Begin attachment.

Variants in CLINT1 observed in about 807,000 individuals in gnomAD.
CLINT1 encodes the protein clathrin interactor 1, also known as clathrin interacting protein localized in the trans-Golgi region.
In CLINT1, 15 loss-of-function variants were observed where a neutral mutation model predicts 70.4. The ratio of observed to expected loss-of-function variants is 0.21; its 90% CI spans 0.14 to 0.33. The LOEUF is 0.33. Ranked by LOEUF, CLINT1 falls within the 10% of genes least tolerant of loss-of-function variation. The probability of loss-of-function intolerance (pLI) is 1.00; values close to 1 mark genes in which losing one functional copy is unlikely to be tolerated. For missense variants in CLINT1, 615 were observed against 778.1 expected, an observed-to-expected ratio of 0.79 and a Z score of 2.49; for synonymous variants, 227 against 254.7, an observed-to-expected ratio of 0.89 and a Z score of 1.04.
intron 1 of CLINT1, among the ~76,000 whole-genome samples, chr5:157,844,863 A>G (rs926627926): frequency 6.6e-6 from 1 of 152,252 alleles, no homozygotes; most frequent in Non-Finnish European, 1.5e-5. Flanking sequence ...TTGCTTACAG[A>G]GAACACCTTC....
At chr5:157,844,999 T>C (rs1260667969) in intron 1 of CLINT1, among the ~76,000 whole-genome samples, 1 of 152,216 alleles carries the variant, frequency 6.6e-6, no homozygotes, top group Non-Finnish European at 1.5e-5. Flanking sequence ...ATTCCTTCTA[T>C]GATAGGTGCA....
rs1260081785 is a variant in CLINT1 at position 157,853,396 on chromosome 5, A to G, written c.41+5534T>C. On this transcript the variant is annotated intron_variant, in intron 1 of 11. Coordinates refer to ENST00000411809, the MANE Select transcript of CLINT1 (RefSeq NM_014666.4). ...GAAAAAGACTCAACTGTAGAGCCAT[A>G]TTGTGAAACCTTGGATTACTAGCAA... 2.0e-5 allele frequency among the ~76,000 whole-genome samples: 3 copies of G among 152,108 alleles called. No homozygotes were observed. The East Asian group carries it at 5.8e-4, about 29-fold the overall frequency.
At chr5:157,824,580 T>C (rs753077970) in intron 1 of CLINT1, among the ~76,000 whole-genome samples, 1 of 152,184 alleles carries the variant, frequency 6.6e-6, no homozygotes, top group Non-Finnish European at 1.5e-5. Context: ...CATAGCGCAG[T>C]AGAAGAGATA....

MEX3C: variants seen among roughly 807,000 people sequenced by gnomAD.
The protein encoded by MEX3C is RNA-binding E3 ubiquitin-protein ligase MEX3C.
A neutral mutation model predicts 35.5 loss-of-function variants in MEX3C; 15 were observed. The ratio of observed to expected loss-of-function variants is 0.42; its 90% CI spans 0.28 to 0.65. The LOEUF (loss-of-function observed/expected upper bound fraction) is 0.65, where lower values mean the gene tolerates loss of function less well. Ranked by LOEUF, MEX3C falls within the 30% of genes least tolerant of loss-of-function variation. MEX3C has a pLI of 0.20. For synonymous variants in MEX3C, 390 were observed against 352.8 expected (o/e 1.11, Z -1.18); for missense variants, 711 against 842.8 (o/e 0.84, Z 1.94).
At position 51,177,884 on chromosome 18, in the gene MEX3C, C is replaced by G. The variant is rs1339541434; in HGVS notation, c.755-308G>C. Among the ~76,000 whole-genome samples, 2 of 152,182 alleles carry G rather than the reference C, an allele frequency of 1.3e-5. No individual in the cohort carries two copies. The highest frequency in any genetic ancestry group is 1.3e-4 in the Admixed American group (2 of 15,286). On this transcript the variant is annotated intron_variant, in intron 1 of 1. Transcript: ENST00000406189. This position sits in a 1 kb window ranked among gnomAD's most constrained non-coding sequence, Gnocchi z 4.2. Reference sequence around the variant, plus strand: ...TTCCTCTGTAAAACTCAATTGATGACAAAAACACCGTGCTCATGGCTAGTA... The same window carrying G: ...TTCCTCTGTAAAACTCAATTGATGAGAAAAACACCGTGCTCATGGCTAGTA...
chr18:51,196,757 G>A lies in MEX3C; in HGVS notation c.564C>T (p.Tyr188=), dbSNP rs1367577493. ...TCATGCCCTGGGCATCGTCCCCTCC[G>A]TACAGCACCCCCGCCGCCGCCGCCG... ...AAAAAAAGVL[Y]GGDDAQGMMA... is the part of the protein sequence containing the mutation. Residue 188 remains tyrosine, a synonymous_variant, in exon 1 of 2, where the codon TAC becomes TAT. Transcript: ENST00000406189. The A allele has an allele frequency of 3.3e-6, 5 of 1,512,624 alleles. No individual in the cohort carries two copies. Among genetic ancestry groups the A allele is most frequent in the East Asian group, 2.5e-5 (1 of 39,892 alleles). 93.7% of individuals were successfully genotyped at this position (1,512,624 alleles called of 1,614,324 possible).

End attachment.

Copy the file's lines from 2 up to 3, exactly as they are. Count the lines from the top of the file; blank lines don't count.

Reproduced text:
CLINT1 encodes the protein clathrin interactor 1, also known as clathrin interacting protein localized in the trans-Golgi region.
In CLINT1, 15 loss-of-function variants were observed where a neutral mutation model predicts 70.4. The ratio of observed to expected loss-of-function variants is 0.21; its 90% CI spans 0.14 to 0.33. The LOEUF is 0.33. Ranked by LOEUF, CLINT1 falls within the 10% of genes least tolerant of loss-of-function variation. The probability of loss-of-function intolerance (pLI) is 1.00; values close to 1 mark genes in which losing one functional copy is unlikely to be tolerated. For missense variants in CLINT1, 615 were observed against 778.1 expected, an observed-to-expected ratio of 0.79 and a Z score of 2.49; for synonymous variants, 227 against 254.7, an observed-to-expected ratio of 0.89 and a Z score of 1.04.